4389: Using lots of <style> elements that get incrementally added to a document can cause performance problems


What version are you running?


What's the URL of the page containing the problem?

The diff view for a changeset that touches many files.

What steps will reproduce the problem?

  1. Load the diff in Firefox
  2. Observe that it chews a lot of CPU

Please provide any additional information below.

See https://bugzilla.mozilla.org/show_bug.cgi?id=1213122#c13 for analysis.

#1 glob

the firefox developers are working on improving the situation, however they said the situation could be improved by some changes to review board. after some discussion with both review board and firefox developers, it appears that if the styles were inlined onto the element instead of in a <style> block it would result in a better experience.

#4 chipx86

I'll give some details as to why we have the multiple <style> blocks here.

In the diff viewer, we have some intelligence around how the diff tables size the columns, in order to have consistent, sane column widths when wrapping long lines in diffs. We have a lot of logic and CSS designed to get diffs to wrap sanely, and to not overflow certain content passed the bounds of a window. We introduced logic in commit 49c378b2 in order to address this. We then had issues with the display of filenames/revisions with long lines, and needed to make additional changes in commit bcc3333c.

So what we do in these changes is, on initial render and resize, we figure out what the widths need to look like, and we set min/max widths for the columns and content. This means a <style> for each, because they're not always necessarily going to be the same min/max widths.

However, they might be, and might be often enough in many cases, where it'd probably be worth reusing <style>s. The way I see that happening is having the current code responsible for these calculations and for the <style> (js/diffviewer/views/diffReviewableView.js) emit a signal with the new widths, instead of setting the CSS directly, and then having the consumer manage a collection of <styles> in some form. Maybe a class per unique values, with the DiffReviewableViews having their classes set accordingly?

This is all a guess. I don't know what's causing Firefox to be slow where other browsers aren't (and I'm fairly sure this didn't used to be slow in Firefox), so I couldn't say whether managing a minimal set of <style>s and assigning classes will solve anything or not.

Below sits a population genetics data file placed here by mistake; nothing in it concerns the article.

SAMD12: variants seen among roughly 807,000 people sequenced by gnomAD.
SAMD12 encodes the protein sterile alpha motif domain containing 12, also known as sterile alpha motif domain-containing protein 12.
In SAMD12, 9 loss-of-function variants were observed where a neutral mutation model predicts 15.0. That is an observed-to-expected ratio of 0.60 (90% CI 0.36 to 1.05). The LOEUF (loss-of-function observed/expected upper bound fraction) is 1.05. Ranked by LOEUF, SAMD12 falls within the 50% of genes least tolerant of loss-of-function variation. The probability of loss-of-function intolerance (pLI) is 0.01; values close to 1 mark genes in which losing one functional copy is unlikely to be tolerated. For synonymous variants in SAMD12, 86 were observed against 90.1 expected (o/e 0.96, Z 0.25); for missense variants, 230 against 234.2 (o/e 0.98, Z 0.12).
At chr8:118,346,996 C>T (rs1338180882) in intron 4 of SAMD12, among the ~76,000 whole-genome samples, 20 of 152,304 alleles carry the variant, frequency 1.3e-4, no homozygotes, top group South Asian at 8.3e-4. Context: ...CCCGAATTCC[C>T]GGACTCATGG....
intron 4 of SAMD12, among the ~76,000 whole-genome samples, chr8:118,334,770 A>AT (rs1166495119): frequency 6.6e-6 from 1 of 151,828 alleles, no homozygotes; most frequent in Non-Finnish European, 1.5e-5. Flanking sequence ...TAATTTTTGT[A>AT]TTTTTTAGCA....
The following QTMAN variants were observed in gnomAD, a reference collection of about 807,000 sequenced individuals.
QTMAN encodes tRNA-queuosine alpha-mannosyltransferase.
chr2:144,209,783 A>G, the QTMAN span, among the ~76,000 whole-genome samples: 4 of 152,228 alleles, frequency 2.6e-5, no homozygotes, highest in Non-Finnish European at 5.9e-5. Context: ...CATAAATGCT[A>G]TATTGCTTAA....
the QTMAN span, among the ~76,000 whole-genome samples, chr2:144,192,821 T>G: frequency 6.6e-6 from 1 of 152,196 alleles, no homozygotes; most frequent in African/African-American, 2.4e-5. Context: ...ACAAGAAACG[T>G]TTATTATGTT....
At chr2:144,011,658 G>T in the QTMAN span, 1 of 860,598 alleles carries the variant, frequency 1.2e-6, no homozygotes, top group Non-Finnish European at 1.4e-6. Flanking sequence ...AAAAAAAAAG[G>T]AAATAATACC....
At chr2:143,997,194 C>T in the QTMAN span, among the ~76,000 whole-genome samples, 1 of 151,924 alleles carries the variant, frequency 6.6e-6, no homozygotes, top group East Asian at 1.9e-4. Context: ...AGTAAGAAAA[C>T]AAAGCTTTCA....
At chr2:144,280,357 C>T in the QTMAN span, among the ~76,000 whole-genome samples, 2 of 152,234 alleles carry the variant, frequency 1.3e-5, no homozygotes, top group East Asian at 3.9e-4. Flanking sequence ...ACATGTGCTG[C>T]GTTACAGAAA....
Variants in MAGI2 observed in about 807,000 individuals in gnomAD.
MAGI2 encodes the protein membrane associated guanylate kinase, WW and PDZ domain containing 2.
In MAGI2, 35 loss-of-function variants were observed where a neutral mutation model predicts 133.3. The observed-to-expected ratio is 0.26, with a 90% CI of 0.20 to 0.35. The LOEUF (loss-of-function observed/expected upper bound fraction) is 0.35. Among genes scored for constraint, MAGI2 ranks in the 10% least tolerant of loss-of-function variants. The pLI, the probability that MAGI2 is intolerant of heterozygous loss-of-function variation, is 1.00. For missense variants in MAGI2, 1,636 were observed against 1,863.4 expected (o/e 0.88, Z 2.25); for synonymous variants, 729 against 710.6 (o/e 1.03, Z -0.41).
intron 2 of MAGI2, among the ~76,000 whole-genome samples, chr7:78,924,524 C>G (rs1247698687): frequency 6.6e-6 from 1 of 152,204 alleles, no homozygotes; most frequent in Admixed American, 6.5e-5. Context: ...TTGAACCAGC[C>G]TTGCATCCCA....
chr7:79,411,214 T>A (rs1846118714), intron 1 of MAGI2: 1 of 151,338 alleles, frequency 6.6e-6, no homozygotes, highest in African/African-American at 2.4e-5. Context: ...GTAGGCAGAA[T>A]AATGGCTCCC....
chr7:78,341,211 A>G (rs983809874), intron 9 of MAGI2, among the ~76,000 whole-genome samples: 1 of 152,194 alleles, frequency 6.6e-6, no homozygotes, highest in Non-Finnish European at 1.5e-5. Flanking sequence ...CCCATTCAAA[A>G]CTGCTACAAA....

By the way, it'd be very nice to have discussion here, or at least important bits relayed here. Our policy going forward is that the Mozilla bug tracker will be treated by us as an internal-only tracker. We won't be participating in or working with Mozilla bug reports for Review Board.

#5 glob

here's the change we're using at mozilla, which addresses this issue.

christian has indicated this isn't his preferred solution, so i won't attach this as a patch for review.

#6 chipx86

I know this has been a while, but this hasn't actually dropped off my radar (though I haven't claimed this bug yet -- fixing it). I've finally had some time to do some deep diving into the performance issues, and some really good pathological diffs that help trigger it. 2.5.10 will have a number of improvements here, and hopefully will address this. The style tags are gone in the version I have in development (though I'm also trying to get the same smart resizing logic we had before).

Worth noting that setting the style individually for all the pre elements wrecks performance for large changes, so we can't go that route, but there's some tricks I've come up with that should get us the same result with less work for the browser.

  • -New
  • +Release-2.5.x
  • -Priority:Medium
  • +chipx86
#7 chipx86

I believe I've solved this. There's a handful of changes going into 2.5.11 that address some performance bottlenecks that happen during initial render and resizing, and redoes the styling logic to no longer inject a <style> or iterate through all rows.

#8 chipx86

Guess I never resolved this. It's going into 2.5.11 tomorrow. There are a lot of changes that went into performance improvments for the diff viewer, but this particular one is fixed in c44a8806a4d6a95c491a757d60774b8edf380e58.

  • -Confirmed